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Risk analysis of militant conspiracy theories

BY ANDREA MOLLE

This analysis was originally disseminated by ASIS Italy Chapter 

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As much as they sound silly and preposterous, militant conspiracy theories are not a joke and pose an increasing security risk instead. This is mainly due to the ease of diffusion in political systems; their tendency to provoke civil unrest; and the alarming association with far-right terrorist movements with which they share a cell-styled organizational structure.

The infiltration of militant conspiracy theorists in American society is now considered by several analysts so pervasive that it is starting to heavily influence the country’s political environment. Several groups which are operating at the moment have displayed an outstanding ability to mass-proselytize, especially among law enforcement, the military, and, more recently, politicians. In Europe, militant conspiracy theory is a relatively recent phenomenon that currently does not exhibit the same degree of institutional penetration one can find in the US. However, over the past three years, it has shown considerable potential for radicalization. Historically, militant conspiracy theories -which differ from the simple act of consuming conspiracy theories per se- owe much of their traction to the American Alt-Right movement, forerun by social media phenomena such as InfoWars launched in 1999 by Alex Jones. The Alt-Right movement dates back to approximately 2009 when it emerged from the Tea Party platform following the last Great Recession of 2007/08. However, it must be borne in mind that it is with the presidential elections in 2016 that militant conspiracy theorists blossomed and begun to take over on a global scale. Thanks to the QAnon movement and the commitment of essential influencers such as Steve Bannon, it now raises serious concerns due to the violence embraced by many followers. The dangers posed by militant conspiracy theory mainly lie on three primary levels.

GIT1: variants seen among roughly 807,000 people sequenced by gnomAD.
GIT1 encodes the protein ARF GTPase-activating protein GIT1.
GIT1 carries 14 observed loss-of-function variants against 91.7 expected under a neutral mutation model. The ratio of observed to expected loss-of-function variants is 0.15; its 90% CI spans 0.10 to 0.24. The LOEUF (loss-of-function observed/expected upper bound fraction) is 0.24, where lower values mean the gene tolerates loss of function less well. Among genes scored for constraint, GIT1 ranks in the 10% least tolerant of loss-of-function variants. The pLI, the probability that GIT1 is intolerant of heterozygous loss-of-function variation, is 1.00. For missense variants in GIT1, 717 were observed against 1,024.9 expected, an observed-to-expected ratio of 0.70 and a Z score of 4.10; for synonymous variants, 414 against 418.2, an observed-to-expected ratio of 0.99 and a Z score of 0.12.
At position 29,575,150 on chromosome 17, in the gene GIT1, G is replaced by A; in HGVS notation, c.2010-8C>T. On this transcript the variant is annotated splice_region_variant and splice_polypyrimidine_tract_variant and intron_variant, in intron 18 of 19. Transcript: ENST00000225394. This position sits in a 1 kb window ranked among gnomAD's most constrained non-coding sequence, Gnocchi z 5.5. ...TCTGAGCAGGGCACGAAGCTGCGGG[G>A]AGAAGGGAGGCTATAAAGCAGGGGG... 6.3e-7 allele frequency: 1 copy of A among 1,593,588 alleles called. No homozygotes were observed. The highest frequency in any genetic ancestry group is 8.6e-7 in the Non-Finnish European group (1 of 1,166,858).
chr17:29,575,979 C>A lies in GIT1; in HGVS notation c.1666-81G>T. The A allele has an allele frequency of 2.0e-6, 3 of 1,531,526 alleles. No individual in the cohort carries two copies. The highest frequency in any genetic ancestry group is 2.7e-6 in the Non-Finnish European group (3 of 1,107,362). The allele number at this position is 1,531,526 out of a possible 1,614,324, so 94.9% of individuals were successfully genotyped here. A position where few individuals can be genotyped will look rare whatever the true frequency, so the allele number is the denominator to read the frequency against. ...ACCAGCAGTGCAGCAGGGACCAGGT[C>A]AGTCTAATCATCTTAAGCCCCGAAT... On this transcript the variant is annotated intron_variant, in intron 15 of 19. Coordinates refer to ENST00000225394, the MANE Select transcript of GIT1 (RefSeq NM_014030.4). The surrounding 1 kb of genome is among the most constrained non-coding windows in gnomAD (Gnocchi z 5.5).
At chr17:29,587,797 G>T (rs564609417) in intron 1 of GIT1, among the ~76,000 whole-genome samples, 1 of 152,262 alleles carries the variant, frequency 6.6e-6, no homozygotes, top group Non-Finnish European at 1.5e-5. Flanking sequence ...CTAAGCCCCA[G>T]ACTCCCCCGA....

First of all, their increased influence on politics. Several social movements and think tanks, those that have always mobilized voters in favour of right-wing parties in the identitarian milieu, have amplified the messages of militant conspiracy theories and, in some cases, have taken on the role of promoters. To gain consensus, mainstream parties have immediately picked up those very same issues and disseminated them, primarily through social media. It almost always happens because conspiracy theories’ simplistic rhetoric offers a great communicational advantage and translates into an immediate return in terms of consensus. However, in doing so, even without espousing conspiracy theories, these parties expose themselves to the risk of associating with a perilous movement and political culture. Above all, the primary risk consists in being infiltrated at the top by militant conspiracy theorists, thus increasing the possibility that future policy-making will be fictitious and based on faulty assumptions. Moreover, there is also the danger of possible connivance with hostile foreign powers that could exploit militant conspiracy theories as a tool of aggressive foreign policy (such as already happens with memetic warfare).